The scenic Town of High River at the foot of the Rocky Mountains has seen its share of floods.
The Highwood River that runs through it has spilled its banks more than a dozen times over the last 100-plus years. But it was the most recent flood in 2013 – the devastating deluge that brought High River to national attention – that threatened the Alberta town’s very existence.
When the waters receded across many southern Alberta communities, including parts of Calgary, High River was the hardest hit. Three people died. Hundreds of homes were deemed uninhabitable and had to be torn down.
Many more were damaged but repairable. The downtown’s infrastructure needed to be replaced, and many businesses sustained millions of dollars in damage.
Dream Development to the rescue
“We’re doing a re-launch,” says Trevor Dickie, vice-president, Planning and Development Calgary Land for Dream Development.
The Western Canadian developer with a diversified portfolio of communities in Calgary, Edmonton, Saskatoon, Regina and many smaller municipalities has been working on Montrose for more than a decade.
The flood has been its most significant challenge, but the developer has also had to contend with the Great Recession in 2008-09 as well as the recent downturn in the energy sector.
“Fortunately, we had enough other projects on the go,” Dickie says. “If we were a small developer, the flood could have finished us off.”
Yet the company persevered and now aims to complete its original plans and then some.
“The program were undertaking now we have 37 lots to fill in, and then we’re bringing on another 42 new lots.”
While existing homes suffered only basement flooding and did not need to be demolished, the bridge connecting the community needed to be repaired. And the clean-up was massive. Tonnes of mud, silt, downed trees and other debris had to be removed from roads, parks and ponds.
Significant structural damage
But Montrose was fortunate compared with other parts of High River where homes and businesses had floodwaters flow through their main floors – causing significant structural damage.
Other homes built in neighbourhoods on floodplains needed to be moved, part of the $100 million in flood mitigation measures that now protect High River from rising waters up to a metre higher than in 2013.
Salvageable homes were actually auctioned off earlier this year at a fraction of their original cost to buyers willing to move them.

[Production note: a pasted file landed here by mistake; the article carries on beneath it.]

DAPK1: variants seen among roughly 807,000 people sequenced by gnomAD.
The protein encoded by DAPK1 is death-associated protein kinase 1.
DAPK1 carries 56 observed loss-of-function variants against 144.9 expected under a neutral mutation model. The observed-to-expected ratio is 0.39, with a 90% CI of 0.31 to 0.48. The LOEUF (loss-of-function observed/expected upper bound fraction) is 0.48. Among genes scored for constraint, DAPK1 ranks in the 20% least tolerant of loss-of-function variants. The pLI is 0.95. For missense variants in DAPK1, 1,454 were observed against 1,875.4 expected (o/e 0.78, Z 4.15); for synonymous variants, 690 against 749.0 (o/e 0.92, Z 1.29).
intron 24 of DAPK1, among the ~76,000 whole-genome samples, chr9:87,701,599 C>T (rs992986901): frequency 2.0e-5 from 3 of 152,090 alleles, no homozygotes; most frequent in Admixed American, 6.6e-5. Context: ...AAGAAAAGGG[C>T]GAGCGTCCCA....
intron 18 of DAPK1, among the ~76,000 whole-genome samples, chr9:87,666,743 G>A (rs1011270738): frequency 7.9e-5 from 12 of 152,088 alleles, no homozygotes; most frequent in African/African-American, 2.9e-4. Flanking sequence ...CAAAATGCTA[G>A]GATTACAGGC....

Although High River is riding high again, it still faces an image problem, says Jodi Dawson, the town’s manager of economic development.
“We’re here and we’re thriving”
“We have to get the message out to the investment world and people in general that we’re here and we’re thriving – come see it,” she says.
She adds communities such as Montrose point to the town’s renewal. “Dream with its continued commitment to High River does send a message of confidence.”
Among the biggest selling points is Montrose – and High River in general – offers more for less.
“If you compare new homes of similar size, probably on a slightly smaller lot, in south Calgary to the new areas of High River, we’re talking about $100,000 less – say from $470,000 down to $370,000 for a similar product,” Dickie says.
Many of the same amenities found in larger communities are there as well.
Montrose itself featured key businesses, like a Co-op grocery and wine store, even before the flood. Now others are coming, including a Mr. Mike’s Steakhouse, with several thousand square feet under development, worth millions of dollars.
A 20-minute drive from Calgary
“The original premise of Montrose is that it would appeal to someone working in south Calgary,” he says, adding the community is about 20 minutes drive from the city’s edge.
In 2006, Dream recognized the town at the edge of the foothills and prairie had the potential to be “the next big thing” location for development. It is home to a thriving art and culture community, including the film and television industry – serving as the location for CBC’s Heartland.
After more than a decade, Dream’s gambit looks to be fulfilling its promise.
While the flood was devastating, it also presented an opportunity for a complete reboot, especially for future development.
“Daring to be different and innovative has been council’s strategic vision,” Dawson says.
New land-use bylaws
Besides making downtown more walkable with expanded sidewalks, council in April approved new land-use bylaws reducing planning zones from 41 to six and even eliminating the R1 designation.
“We now have the ability in the traditional residential districts to be supportive of a neighbourhood coffee-shop and other beneficial businesses,” Dawson says.
Even before council passed the new development plan, High River had seen an uptick in growth with 20 new businesses opening in the first quarter of the year.
All of these efforts earned another type of recognition, with the Town of High River being honoured with an Award of Merit at the annual Building Resilience Conference in Calgary. The award, presented June 19, recognized the 2015 High River Downtown Area Redevelopment Plan and Pubic Realm Revitalization.
Overall the message couldn’t be clearer, Dawson says.
“The quality of life you can achieve with easy access to a large urban centre is unparalleled,” she says. “It’s a perfectly placed community.”